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It's Easy to Get Started Ice Fishing with a Few Basic Supplies
January 20, 2011
Fishing is a year-round pursuit and for anglers who can't get enough. That means a big shift in gears this time of year. There's very little open water in Michigan in winter and if you want to get into the wet stuff, that usually means you have to cut a hole in the hard stuff first.
Ice fishing ranges from pastime to passion; for some anglers, it's more enjoyable than fishing in the summer. And it has its advantages. Anglers who don't have boats, for instance, can get just about anywhere on the lake when there's a foot of ice covering it.
Ice fishermen can pursue almost every fish they chase in open-water season, with the exception of bass (the season closes Jan. 1). But pike, walleye, and all species of panfish are open and anglers can fish for trout in select waters. There are even some opportunities - sturgeon on Black Lake, for instance, that are allocated to ice anglers.
Fishermen need three basic tools to get started ice fishing: something to make a hole in the ice, something to clear the hole and keep it open, and something to fish with.
Two basic tools are used to open a hole in the ice spuds and augers. Spuds look like metal spears with chisel-like heads. Anglers use spuds to chip open a hole. Augers, on the other hand, look like cork screws with cutting blades along the edges. There are both power and hand operated augers.
A skimmer or slush scoop, which looks like a perforated ladle, is used to clean the hole and keep it open.
As for fishing gear, anglers are generally limited only by their imaginations. Most popular are short rods with spinning reels, though some folks prefer simple poles with spring tension spools that are used basically as line holders.
Some anglers, especially those seeking larger species such as pike, prefer to use tip-ups, devices that are set on the ice above the hole and dangle the bait beneath them. Tip-ups feature small reels that are submerged beneath the ice and a spring-loaded flag that's bent down and attached to the reel. When a fish bites, the flag "tips up," alerting the angler to the action.
Anglers can also use spears for some species such as pike or, at Black Lake, sturgeon. Spearing typically requires that anglers cut large holes in the ice and they generally need to be in some sort of shelter that blocks the light so anglers can see their quarry swimming beneath them.
But not all shelters, popularly called "shanties", are used by spearers. Many anglers find it preferable to fish inside a shelter rather than outside in the elements. At popular locations, virtual shanty towns develop on the ice.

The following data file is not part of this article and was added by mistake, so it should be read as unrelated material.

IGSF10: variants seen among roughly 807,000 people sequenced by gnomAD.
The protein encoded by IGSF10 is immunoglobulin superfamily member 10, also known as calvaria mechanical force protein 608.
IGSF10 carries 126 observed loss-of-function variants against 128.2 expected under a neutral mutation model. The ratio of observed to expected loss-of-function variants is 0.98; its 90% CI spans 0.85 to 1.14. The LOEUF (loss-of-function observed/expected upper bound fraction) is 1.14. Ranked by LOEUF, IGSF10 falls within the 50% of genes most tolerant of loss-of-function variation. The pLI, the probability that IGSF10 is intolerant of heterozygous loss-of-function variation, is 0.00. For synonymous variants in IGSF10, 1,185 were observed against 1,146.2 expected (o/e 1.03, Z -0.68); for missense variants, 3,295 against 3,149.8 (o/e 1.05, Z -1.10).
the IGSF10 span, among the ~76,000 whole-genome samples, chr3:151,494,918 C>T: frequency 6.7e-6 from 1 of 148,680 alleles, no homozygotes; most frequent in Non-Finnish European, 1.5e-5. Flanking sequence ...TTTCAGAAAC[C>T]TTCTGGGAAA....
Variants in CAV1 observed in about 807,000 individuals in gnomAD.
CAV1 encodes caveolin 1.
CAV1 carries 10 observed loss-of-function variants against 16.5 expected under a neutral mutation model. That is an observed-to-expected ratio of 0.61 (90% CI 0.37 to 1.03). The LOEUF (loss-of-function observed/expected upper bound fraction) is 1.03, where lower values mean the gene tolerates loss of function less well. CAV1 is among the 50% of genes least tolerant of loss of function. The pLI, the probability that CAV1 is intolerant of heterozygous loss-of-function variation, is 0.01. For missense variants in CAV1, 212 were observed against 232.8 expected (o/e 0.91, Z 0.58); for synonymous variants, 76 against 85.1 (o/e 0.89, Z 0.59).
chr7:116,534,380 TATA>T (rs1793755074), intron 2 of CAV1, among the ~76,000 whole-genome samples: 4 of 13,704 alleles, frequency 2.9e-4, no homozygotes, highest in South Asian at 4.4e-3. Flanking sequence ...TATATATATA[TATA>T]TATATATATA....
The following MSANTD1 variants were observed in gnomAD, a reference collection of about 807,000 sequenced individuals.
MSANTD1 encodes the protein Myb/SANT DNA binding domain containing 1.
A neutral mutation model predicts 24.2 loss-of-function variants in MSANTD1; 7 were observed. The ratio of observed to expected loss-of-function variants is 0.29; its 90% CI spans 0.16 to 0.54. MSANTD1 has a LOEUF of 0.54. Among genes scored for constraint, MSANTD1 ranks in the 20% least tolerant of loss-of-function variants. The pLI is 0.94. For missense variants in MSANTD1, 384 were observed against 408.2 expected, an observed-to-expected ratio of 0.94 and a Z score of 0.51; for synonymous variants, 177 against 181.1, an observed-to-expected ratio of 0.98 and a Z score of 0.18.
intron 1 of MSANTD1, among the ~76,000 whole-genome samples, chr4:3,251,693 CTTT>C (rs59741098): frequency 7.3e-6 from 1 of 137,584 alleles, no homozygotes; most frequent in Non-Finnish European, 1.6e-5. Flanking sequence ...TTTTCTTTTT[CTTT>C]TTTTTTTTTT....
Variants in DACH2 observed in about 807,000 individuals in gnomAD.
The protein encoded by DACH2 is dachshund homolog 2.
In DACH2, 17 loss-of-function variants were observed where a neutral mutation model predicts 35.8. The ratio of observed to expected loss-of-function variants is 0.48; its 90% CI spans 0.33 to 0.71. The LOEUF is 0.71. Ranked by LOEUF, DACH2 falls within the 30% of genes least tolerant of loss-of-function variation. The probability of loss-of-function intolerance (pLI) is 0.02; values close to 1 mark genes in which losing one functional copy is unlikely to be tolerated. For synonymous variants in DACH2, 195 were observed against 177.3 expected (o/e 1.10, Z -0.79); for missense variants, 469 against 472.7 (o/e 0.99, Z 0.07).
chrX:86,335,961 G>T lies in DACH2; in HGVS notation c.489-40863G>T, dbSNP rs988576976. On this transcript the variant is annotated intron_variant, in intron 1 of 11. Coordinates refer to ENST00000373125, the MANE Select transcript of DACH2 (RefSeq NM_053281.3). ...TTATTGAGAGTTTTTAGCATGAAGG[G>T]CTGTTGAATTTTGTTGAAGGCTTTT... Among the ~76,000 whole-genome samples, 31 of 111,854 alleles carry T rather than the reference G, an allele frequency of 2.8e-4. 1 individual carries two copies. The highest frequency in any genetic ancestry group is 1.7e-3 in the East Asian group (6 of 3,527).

Shanties can be pre-fabricated semi-permanent shacks that anglers haul out on the ice for the season. Others are simple foldout, tent-like affairs that anglers bring with them for the day. Some shanties are elaborate with propane heaters to keep them warm and folks build them large enough to accommodate cots, so they can spend the night on the ice if they choose.
Fishing techniques vary through the ice nearly as much as they do in open water, though the presentation is always vertical. Anglers can fish with bait, artificial lures, or often, a combination of the two. They can use a bobber or tight-line. They can still fish or jig.
No discussion of ice fishing is complete without talking about safety. Ice fishing can be dangerous; being submerged in icy water is something to be avoided at all costs. Always check with locals, at the bait shop for instance, about ice conditions.
"No ice is ever completely safe ice," said Department of Natural Resources and Environment law enforcement officer Steven Burton, who has conducted a number of rescues over the years. "Obviously, during some times of the year, some ice is much better than other ice. But all ice has the propensity to be dangerous."
Anglers should always test the ice as they venture forth. Carry a spud and test the ice as you proceed, chipping at the surface hard enough that the spud will go through thin ice.
The U.S. Army recommends a minimum thickness of two inches of ice for a 200-pound load. Avoid areas where the ice is discolored, where vegetation or timber protrude through the ice, or where there is an inlet or outlet - moving water, from a creek or springs, can weaken ice.
Ice safety experts recommend that anglers wear a personal floatation device and carry a rope so they can reach someone in trouble without approaching them too closely. Simple ice picks can help someone who falls in gain hold on the ice to pull themselves back out.
Ice fishing can be fun and productive, but it isn't worth taking unnecessary risks. Always pay attention to the direction of the wind, especially on large bodies of water, as ice can break off and drift away.
Should you fall, try not to panic. The first order of business is to get out. Always turn toward the direction you approached, where you last had good ice, and try to slide out. Once you're back on the ice, do not try to get up until you know you are on good ice. Crawl or roll away from the hole.
Similarly, if you see someone fall through the ice, do not approach the hole; use a rope or ladder or pole to reach them.
As with open water fishing, all regulations apply, including license requirements. Michigan hosts a Free Fishing weekend Feb. 19-20, when anyone can fish without a license. Many parks and recreation departments and fishing clubs hold events associated with the weekend. It's a good opportunity for beginners to get some on-the-ice tutoring.
The DNRE will publish a list of Free Fishing weekend events as the date approaches. Visit www.michigan.gov/freefishing for details.
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